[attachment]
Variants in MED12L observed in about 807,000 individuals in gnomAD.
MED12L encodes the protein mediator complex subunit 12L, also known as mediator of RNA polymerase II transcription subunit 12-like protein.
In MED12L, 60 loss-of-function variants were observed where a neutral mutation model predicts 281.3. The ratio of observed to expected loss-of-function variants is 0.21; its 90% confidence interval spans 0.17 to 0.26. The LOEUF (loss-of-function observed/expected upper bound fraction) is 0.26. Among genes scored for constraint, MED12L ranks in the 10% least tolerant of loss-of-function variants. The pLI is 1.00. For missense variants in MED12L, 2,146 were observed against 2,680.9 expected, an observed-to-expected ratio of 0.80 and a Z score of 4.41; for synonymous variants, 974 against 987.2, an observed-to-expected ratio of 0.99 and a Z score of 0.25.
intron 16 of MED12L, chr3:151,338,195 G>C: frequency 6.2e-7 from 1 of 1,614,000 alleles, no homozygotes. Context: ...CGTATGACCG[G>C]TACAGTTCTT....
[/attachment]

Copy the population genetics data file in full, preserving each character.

Variants in MED12L observed in about 807,000 individuals in gnomAD.
MED12L encodes the protein mediator complex subunit 12L, also known as mediator of RNA polymerase II transcription subunit 12-like protein.
In MED12L, 60 loss-of-function variants were observed where a neutral mutation model predicts 281.3. The ratio of observed to expected loss-of-function variants is 0.21; its 90% confidence interval spans 0.17 to 0.26. The LOEUF (loss-of-function observed/expected upper bound fraction) is 0.26. Among genes scored for constraint, MED12L ranks in the 10% least tolerant of loss-of-function variants. The pLI is 1.00. For missense variants in MED12L, 2,146 were observed against 2,680.9 expected, an observed-to-expected ratio of 0.80 and a Z score of 4.41; for synonymous variants, 974 against 987.2, an observed-to-expected ratio of 0.99 and a Z score of 0.25.
intron 16 of MED12L, chr3:151,338,195 G>C: frequency 6.2e-7 from 1 of 1,614,000 alleles, no homozygotes. Context: ...CGTATGACCG[G>C]TACAGTTCTT....